On January 1, 2012, the California Transparency in Supply Chains Act of 2010 (SB 657) will take effect in the State of California. The law requires retailers and manufacturers operating in the state to make public their efforts to address the issue of slavery and human trafficking. The intention of the legislation is to allow consumers to make better, more informed choices regarding the products they buy and the companies they choose to support. One of the two guiding principles in The Toyota Way is Respect for People. Please read on to learn more of what Toyota is doing to ensure good corporate responsibility in this area.
Toyota has developed and provided "Toyota Supplier CSR (Corporate Social Responsibility) Guidelines" to clarify our expectations for our supply base. These guidelines clearly define Toyota's guiding principles and policy expectations for our supply base.
Toyota worked with the Automotive Industry Action Group (AIAG) and its membership to create and deploy training for all supplier levels in the area of responsible working conditions. The training includes a focus on forced labor, encouraging all participants to confirm local laws and ensure compliance. Suppliers are then expected to cascade the training within their supply chain. These efforts will continue as participating automotive manufacturers work to educate suppliers at all levels of the supply chain. Toyota will continue to work with our suppliers to ensure education of all levels of our supply base.Additionally, as part of Toyota Purchasing's standard training requirements, members are trained on responsible working conditions including how to identify and respond to supply chain issues. Toyota Purchasing team members are assigned responsibility for specific suppliers with goals of insuring compliance with Toyota's requirements, including compliance with Toyota's CSR objectives. Such team member performance and management of supplier relationships is evaluated on a biannual basis.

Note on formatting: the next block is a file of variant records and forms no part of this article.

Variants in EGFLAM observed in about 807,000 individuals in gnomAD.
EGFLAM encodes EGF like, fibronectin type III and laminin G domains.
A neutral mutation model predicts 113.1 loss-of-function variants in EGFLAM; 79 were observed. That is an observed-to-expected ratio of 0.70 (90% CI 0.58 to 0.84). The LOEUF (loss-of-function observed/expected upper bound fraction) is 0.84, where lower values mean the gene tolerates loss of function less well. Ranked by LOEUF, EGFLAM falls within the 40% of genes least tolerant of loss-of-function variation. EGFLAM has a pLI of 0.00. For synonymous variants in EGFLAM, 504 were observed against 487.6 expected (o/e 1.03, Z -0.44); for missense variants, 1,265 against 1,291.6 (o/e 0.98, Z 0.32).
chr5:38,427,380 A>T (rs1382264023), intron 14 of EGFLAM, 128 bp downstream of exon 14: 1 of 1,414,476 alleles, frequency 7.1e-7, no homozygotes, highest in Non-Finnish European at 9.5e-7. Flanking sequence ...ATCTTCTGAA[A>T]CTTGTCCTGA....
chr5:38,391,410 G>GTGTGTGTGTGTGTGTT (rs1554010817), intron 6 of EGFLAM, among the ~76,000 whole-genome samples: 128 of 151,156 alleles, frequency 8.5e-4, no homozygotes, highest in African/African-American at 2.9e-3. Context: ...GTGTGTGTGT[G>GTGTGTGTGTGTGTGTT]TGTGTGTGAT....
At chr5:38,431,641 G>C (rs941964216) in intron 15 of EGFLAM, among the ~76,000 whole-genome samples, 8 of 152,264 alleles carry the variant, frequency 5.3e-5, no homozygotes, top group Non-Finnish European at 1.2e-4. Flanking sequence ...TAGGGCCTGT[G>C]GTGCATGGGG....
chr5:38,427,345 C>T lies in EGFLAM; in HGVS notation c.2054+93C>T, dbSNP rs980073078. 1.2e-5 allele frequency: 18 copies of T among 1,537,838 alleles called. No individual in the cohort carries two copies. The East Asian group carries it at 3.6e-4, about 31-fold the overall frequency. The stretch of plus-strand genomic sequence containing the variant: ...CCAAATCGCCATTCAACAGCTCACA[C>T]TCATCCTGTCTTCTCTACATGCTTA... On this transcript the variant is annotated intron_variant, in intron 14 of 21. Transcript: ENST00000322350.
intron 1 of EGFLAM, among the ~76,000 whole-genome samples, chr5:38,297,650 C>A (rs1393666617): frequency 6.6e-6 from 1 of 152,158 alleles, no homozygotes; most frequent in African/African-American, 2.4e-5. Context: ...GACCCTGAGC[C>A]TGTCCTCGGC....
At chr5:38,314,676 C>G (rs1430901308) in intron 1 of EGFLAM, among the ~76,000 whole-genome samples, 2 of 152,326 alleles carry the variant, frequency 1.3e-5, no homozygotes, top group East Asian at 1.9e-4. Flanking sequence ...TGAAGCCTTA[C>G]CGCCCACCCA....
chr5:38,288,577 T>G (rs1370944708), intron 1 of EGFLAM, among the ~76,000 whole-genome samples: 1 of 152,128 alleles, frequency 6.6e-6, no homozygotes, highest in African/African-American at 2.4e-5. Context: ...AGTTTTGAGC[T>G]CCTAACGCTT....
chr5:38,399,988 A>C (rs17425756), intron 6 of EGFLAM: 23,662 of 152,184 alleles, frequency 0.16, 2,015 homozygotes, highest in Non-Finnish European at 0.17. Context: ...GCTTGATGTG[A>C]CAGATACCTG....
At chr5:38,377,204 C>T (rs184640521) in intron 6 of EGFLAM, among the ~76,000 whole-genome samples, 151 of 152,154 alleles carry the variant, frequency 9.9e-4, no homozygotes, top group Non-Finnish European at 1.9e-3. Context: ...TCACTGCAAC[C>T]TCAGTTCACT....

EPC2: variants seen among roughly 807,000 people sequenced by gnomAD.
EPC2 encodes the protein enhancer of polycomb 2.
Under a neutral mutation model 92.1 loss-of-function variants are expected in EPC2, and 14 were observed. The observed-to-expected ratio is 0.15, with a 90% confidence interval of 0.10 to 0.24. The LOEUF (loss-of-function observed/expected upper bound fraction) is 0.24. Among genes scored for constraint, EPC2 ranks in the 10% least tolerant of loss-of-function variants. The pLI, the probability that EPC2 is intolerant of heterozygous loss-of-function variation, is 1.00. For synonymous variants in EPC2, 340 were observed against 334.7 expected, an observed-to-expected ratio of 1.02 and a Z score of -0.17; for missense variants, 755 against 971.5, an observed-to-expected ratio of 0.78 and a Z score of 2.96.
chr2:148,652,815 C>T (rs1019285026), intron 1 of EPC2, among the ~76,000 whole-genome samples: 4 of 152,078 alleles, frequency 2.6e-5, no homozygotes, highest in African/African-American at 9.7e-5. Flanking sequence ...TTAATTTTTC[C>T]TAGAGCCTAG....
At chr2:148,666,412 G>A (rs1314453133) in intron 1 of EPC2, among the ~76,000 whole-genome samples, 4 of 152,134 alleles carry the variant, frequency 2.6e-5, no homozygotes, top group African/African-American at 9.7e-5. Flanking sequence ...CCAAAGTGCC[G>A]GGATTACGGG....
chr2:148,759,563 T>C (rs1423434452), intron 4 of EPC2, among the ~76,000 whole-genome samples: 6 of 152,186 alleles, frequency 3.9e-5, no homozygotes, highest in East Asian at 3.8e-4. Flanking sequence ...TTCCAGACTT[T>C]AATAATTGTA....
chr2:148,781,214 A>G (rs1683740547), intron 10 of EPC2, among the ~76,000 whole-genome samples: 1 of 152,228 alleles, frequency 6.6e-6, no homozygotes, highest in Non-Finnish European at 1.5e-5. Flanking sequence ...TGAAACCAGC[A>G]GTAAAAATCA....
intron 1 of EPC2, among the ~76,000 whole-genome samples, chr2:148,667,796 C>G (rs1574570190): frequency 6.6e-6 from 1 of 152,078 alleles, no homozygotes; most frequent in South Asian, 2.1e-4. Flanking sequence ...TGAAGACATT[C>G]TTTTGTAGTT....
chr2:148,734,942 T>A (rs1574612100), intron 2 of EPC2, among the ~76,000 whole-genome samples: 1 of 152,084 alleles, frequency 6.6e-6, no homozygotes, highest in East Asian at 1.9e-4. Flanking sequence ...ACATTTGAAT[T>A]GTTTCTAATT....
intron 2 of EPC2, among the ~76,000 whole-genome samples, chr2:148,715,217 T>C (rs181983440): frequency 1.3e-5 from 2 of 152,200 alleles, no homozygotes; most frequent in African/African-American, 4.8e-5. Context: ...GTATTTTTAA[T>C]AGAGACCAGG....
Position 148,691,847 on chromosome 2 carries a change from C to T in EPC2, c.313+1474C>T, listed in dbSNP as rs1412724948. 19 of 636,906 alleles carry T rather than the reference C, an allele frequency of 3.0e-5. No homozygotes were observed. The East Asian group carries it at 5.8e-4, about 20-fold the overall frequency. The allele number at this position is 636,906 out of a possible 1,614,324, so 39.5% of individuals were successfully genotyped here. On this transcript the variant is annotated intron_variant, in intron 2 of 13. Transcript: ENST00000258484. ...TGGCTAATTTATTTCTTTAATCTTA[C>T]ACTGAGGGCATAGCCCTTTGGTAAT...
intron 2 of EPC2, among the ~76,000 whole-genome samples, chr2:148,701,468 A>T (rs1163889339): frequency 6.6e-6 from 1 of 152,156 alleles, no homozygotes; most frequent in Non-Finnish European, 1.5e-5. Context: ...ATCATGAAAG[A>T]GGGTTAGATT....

Suppliers certify through acceptance of Toyota's Terms and Conditions that, on their own behalf and on behalf of their agents, employees and subcontractors, they have not and do not use slave, prisoner or any other form of forced or involuntary labor in the manufacture or supply of items to Toyota.
Toyota does not currently have a regular program for verification or auditing. Toyota is presently benchmarking the automotive industry and others to determine best practices and future direction in this area. Furthermore, Toyota's Terms and Conditions provide for the right to conduct appropriate audits to verify, validate and monitor compliance with legal requirements and Toyota requirements.